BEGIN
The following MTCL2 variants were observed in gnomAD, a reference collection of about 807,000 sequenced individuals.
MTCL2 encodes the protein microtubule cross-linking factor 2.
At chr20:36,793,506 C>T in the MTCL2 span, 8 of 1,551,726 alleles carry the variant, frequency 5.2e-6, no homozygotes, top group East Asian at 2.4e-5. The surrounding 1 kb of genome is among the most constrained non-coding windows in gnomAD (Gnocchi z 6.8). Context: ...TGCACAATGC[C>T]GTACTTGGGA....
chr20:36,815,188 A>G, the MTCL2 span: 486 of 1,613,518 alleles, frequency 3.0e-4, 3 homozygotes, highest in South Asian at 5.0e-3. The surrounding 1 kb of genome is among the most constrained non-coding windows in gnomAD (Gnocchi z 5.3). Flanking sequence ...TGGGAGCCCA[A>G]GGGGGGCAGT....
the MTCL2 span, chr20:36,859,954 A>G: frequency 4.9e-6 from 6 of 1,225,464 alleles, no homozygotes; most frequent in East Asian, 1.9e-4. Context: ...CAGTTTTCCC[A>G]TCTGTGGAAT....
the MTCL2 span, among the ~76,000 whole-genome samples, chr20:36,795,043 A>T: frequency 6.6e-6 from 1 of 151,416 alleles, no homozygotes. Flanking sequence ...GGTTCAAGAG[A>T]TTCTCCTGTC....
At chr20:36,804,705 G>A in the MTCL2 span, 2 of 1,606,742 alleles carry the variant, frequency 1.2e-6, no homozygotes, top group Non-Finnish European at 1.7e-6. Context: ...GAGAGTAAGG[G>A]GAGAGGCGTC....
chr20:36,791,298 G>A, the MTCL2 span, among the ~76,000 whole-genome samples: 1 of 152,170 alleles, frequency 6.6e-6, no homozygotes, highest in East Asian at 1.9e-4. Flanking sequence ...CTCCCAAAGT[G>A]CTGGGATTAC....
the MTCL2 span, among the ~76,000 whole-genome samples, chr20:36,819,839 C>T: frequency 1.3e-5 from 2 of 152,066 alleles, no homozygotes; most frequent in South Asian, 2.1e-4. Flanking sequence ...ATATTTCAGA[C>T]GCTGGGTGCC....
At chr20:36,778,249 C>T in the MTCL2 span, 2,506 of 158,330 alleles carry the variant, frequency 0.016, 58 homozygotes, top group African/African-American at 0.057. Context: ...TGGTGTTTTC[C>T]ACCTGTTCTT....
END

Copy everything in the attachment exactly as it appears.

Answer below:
The following MTCL2 variants were observed in gnomAD, a reference collection of about 807,000 sequenced individuals.
MTCL2 encodes the protein microtubule cross-linking factor 2.
At chr20:36,793,506 C>T in the MTCL2 span, 8 of 1,551,726 alleles carry the variant, frequency 5.2e-6, no homozygotes, top group East Asian at 2.4e-5. The surrounding 1 kb of genome is among the most constrained non-coding windows in gnomAD (Gnocchi z 6.8). Context: ...TGCACAATGC[C>T]GTACTTGGGA....
chr20:36,815,188 A>G, the MTCL2 span: 486 of 1,613,518 alleles, frequency 3.0e-4, 3 homozygotes, highest in South Asian at 5.0e-3. The surrounding 1 kb of genome is among the most constrained non-coding windows in gnomAD (Gnocchi z 5.3). Flanking sequence ...TGGGAGCCCA[A>G]GGGGGGCAGT....
the MTCL2 span, chr20:36,859,954 A>G: frequency 4.9e-6 from 6 of 1,225,464 alleles, no homozygotes; most frequent in East Asian, 1.9e-4. Context: ...CAGTTTTCCC[A>G]TCTGTGGAAT....
the MTCL2 span, among the ~76,000 whole-genome samples, chr20:36,795,043 A>T: frequency 6.6e-6 from 1 of 151,416 alleles, no homozygotes. Flanking sequence ...GGTTCAAGAG[A>T]TTCTCCTGTC....
At chr20:36,804,705 G>A in the MTCL2 span, 2 of 1,606,742 alleles carry the variant, frequency 1.2e-6, no homozygotes, top group Non-Finnish European at 1.7e-6. Context: ...GAGAGTAAGG[G>A]GAGAGGCGTC....
chr20:36,791,298 G>A, the MTCL2 span, among the ~76,000 whole-genome samples: 1 of 152,170 alleles, frequency 6.6e-6, no homozygotes, highest in East Asian at 1.9e-4. Flanking sequence ...CTCCCAAAGT[G>A]CTGGGATTAC....
the MTCL2 span, among the ~76,000 whole-genome samples, chr20:36,819,839 C>T: frequency 1.3e-5 from 2 of 152,066 alleles, no homozygotes; most frequent in South Asian, 2.1e-4. Flanking sequence ...ATATTTCAGA[C>T]GCTGGGTGCC....
At chr20:36,778,249 C>T in the MTCL2 span, 2,506 of 158,330 alleles carry the variant, frequency 0.016, 58 homozygotes, top group African/African-American at 0.057. Context: ...TGGTGTTTTC[C>T]ACCTGTTCTT....